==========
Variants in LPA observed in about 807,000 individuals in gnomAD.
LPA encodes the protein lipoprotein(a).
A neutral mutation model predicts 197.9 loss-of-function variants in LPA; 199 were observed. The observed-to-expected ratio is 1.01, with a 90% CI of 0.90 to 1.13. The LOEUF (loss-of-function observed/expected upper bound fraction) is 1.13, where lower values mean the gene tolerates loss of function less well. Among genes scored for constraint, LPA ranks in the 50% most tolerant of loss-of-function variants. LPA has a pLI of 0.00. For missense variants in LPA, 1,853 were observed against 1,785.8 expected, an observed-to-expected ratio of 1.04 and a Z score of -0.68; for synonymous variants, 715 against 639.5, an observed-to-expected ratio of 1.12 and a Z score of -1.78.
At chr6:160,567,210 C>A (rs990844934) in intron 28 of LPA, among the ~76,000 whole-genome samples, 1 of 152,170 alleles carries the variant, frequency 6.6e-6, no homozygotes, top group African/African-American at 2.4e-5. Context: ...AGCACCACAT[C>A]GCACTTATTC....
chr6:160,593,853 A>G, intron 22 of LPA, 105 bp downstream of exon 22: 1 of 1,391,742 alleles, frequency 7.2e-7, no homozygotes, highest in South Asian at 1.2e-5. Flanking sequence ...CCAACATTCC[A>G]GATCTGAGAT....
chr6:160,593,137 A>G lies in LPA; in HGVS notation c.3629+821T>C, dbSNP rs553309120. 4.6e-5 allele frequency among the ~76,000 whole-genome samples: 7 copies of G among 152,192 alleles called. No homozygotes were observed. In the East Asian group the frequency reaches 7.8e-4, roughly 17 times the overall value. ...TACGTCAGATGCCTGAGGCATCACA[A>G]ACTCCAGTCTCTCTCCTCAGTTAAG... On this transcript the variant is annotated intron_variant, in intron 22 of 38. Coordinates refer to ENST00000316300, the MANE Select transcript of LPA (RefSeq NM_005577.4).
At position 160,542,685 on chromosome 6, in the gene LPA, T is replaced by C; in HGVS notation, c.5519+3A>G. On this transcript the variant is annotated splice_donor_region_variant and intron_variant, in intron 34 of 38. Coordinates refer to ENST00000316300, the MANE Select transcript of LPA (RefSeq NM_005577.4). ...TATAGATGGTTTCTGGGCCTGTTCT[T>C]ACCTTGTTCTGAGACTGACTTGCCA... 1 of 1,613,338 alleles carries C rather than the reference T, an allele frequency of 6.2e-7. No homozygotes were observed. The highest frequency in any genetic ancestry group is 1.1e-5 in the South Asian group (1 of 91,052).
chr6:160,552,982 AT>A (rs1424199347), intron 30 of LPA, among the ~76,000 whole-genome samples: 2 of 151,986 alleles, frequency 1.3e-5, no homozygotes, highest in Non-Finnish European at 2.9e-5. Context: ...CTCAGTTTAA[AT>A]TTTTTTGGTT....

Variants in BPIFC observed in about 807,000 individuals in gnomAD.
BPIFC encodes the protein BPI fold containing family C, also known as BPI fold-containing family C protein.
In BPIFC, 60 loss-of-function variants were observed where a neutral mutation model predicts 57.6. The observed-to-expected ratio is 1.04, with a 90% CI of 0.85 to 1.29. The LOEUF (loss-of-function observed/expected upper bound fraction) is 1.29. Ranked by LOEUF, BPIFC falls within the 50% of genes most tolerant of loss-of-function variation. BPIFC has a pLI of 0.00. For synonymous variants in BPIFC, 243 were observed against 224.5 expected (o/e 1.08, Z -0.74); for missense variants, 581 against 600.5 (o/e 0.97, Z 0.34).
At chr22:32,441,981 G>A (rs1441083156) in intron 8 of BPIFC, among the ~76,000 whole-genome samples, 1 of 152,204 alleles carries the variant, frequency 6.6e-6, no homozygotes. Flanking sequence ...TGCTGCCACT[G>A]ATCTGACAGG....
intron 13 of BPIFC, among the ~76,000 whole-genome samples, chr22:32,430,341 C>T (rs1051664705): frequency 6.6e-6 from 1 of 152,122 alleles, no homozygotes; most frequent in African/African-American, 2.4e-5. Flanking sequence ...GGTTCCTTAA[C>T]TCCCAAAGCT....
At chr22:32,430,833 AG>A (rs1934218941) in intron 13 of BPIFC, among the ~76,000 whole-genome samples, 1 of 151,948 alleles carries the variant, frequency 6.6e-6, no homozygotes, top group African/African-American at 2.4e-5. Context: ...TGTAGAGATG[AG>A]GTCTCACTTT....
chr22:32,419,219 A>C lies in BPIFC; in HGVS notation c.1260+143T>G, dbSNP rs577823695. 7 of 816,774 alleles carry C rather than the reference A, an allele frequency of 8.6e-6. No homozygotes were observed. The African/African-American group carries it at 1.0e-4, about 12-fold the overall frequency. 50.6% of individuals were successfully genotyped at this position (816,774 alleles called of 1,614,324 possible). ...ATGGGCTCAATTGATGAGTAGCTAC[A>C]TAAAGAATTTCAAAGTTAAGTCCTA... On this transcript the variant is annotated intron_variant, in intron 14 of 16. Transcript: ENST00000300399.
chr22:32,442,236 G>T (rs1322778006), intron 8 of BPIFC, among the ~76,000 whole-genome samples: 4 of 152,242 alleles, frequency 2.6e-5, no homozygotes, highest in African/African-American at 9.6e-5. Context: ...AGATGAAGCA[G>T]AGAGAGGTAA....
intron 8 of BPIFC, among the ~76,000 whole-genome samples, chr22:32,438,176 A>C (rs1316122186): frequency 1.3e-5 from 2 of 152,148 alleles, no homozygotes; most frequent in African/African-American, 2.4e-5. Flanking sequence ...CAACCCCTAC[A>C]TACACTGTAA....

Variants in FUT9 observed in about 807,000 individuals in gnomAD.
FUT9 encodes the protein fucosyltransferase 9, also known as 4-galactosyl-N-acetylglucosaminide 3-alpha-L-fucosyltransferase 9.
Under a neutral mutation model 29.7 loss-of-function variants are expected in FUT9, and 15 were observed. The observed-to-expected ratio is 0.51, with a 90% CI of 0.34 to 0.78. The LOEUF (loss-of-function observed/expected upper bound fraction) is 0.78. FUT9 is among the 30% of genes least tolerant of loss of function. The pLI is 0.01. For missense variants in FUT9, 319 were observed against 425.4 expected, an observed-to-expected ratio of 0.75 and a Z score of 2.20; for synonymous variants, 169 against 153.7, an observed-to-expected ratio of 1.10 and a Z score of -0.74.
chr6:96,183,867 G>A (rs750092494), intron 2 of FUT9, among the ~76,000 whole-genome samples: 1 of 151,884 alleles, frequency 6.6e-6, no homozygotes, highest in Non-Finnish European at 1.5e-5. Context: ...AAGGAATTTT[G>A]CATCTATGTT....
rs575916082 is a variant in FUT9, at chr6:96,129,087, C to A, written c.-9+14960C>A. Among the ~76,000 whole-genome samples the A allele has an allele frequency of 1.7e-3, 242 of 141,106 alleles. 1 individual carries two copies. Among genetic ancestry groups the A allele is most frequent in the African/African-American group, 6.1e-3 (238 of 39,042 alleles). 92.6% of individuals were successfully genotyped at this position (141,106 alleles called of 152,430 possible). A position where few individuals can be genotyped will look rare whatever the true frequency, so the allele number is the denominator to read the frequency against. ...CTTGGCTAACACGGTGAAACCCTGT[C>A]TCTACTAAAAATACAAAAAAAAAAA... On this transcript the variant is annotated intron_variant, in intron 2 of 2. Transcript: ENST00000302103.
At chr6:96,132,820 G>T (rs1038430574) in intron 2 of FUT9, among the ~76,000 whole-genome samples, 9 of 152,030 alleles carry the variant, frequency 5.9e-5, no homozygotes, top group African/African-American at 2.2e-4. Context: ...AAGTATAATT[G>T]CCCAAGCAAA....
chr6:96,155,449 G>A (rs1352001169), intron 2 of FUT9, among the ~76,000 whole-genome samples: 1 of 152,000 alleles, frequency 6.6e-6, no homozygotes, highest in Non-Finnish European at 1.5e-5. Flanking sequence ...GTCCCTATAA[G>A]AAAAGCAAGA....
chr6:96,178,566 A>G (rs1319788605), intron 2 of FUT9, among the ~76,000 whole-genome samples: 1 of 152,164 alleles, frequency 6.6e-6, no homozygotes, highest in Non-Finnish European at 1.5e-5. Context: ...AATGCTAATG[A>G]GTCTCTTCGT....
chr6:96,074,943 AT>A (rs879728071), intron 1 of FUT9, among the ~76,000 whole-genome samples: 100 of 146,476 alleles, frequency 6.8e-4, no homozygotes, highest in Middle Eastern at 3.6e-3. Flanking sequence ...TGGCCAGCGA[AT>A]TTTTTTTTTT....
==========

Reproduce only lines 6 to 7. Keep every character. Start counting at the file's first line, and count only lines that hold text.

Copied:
chr6:160,593,137 A>G lies in LPA; in HGVS notation c.3629+821T>C, dbSNP rs553309120. 4.6e-5 allele frequency among the ~76,000 whole-genome samples: 7 copies of G among 152,192 alleles called. No homozygotes were observed. In the East Asian group the frequency reaches 7.8e-4, roughly 17 times the overall value. ...TACGTCAGATGCCTGAGGCATCACA[A>G]ACTCCAGTCTCTCTCCTCAGTTAAG... On this transcript the variant is annotated intron_variant, in intron 22 of 38. Coordinates refer to ENST00000316300, the MANE Select transcript of LPA (RefSeq NM_005577.4).
At position 160,542,685 on chromosome 6, in the gene LPA, T is replaced by C; in HGVS notation, c.5519+3A>G. On this transcript the variant is annotated splice_donor_region_variant and intron_variant, in intron 34 of 38. Coordinates refer to ENST00000316300, the MANE Select transcript of LPA (RefSeq NM_005577.4). ...TATAGATGGTTTCTGGGCCTGTTCT[T>C]ACCTTGTTCTGAGACTGACTTGCCA... 1 of 1,613,338 alleles carries C rather than the reference T, an allele frequency of 6.2e-7. No homozygotes were observed. The highest frequency in any genetic ancestry group is 1.1e-5 in the South Asian group (1 of 91,052).